Universal access to all essential sexual and reproductive health and rights services includes antenatal and postnatal care, contraception, prevention, and management of gender-based violence, abortion care, sexually transmitted infections, HIV/AIDS, prevention, and treatment of reproductive cancers, and comprehensive sexuality education. An estimated 140 million women of reproductive age in Asia and the Pacific have unmet needs for modern family planning methods. In meeting these needs and ending preventable maternal deaths, UNFPA estimates that the return on investments is about eight dollars for every dollar spent.
Although significant strides have been made since the renewed commitments of development organizations and multilateral development banks on attaining the SDGs, the time needed to close the health and survival gap remains unclear as the progress on health and gender equality has stalled.
Sexual and reproductive health and rights are closely linked to the gender equality, poverty reduction, and environmental sustainability targets of the 2030 Agenda for Sustainable Development.
Here are three transformative gender approaches that developing countries can use to put sexual and reproductive health and rights and gender-responsive strategies at the policy forefront:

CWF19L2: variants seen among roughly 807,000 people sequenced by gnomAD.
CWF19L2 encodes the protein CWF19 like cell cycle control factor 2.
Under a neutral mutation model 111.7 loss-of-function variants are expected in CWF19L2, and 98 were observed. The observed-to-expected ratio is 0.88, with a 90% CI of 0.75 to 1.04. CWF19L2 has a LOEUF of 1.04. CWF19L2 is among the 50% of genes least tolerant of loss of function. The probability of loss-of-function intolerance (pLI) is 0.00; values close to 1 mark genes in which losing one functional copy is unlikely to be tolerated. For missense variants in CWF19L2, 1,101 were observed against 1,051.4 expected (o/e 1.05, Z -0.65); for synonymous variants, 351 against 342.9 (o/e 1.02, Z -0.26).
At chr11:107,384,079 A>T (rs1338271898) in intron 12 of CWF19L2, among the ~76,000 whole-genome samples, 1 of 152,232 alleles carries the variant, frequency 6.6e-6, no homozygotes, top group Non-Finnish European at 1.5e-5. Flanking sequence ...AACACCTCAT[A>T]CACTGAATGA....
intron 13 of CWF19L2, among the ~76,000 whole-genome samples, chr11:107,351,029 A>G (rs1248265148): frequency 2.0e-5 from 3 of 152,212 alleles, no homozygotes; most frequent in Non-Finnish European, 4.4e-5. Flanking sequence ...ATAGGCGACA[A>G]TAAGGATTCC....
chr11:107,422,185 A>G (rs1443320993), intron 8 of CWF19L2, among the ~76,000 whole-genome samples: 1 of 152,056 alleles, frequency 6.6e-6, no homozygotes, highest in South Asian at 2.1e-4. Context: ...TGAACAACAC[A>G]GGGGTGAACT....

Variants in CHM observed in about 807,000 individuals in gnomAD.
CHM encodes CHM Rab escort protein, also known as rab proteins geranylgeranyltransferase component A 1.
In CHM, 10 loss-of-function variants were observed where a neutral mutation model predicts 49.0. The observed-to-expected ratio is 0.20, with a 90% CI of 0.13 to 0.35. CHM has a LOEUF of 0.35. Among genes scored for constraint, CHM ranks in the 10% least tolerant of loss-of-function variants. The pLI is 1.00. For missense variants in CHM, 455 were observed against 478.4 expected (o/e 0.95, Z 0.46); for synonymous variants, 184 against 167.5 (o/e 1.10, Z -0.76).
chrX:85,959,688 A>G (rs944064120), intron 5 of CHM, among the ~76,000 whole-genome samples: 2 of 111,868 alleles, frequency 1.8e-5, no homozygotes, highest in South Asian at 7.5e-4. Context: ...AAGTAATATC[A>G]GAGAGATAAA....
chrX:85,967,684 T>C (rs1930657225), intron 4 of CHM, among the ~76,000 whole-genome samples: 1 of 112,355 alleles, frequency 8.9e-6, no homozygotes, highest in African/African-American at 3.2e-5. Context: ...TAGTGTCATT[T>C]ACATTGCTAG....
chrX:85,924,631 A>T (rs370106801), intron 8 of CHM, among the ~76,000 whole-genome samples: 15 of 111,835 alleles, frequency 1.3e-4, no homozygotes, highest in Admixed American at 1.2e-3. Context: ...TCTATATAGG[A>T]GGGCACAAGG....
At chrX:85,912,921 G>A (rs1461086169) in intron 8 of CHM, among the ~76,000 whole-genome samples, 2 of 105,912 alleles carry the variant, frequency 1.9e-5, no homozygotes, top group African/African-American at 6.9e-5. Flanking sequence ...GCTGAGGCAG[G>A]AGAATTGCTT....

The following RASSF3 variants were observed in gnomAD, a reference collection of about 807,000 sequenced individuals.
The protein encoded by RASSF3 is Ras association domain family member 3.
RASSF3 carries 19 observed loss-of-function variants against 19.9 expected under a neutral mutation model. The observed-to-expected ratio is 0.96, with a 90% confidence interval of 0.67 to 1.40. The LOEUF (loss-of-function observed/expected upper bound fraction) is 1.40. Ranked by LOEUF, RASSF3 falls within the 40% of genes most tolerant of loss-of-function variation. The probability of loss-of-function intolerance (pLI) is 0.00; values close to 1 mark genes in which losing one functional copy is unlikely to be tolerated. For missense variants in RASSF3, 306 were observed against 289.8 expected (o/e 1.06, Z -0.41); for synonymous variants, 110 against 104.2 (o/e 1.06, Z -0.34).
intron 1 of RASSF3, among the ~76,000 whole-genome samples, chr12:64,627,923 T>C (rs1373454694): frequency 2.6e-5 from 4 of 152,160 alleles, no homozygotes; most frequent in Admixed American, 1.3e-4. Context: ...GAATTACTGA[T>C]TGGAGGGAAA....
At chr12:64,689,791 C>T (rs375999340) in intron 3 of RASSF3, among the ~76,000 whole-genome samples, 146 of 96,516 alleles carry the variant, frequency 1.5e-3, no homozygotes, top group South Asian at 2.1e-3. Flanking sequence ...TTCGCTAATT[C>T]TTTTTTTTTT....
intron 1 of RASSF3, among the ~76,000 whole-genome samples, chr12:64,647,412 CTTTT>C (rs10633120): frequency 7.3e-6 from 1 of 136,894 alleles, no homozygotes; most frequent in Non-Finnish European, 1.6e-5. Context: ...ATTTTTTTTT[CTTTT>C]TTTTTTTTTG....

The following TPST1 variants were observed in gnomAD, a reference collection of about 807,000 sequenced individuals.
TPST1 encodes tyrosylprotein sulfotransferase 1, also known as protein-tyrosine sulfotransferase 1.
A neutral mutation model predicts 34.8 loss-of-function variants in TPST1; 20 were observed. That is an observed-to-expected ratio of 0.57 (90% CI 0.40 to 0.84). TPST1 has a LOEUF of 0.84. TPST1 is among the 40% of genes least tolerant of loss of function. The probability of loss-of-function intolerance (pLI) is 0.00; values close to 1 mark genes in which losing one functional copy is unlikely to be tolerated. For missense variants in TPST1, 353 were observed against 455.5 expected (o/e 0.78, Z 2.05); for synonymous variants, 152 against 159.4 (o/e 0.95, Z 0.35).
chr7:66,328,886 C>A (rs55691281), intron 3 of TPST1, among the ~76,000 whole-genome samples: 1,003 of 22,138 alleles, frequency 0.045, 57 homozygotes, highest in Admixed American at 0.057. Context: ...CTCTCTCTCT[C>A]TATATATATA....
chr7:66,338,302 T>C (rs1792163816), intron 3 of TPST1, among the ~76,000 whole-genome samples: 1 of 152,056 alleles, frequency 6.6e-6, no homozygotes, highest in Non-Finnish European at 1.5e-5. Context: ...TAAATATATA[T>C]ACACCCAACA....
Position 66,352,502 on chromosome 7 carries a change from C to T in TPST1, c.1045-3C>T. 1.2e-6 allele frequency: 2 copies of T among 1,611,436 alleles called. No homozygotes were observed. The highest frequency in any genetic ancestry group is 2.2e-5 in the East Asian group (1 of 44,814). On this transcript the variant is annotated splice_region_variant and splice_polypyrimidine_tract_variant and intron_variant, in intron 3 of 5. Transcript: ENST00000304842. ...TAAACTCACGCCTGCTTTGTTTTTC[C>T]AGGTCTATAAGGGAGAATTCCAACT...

Improve data collection systems to generate better evidence to improve health service quality and provision. More evidence is needed to inform policies for realizing the SDGs and universal health care. In many countries, there is a limited understanding of the drivers of inequalities in health outcomes and no routine monitoring systems that can collect sex-disaggregated data, even for global commitments such as the SDG targets. With better data, policymakers can understand the needs of different users and design gender-responsive health policies and financing frameworks that will serve the most vulnerable.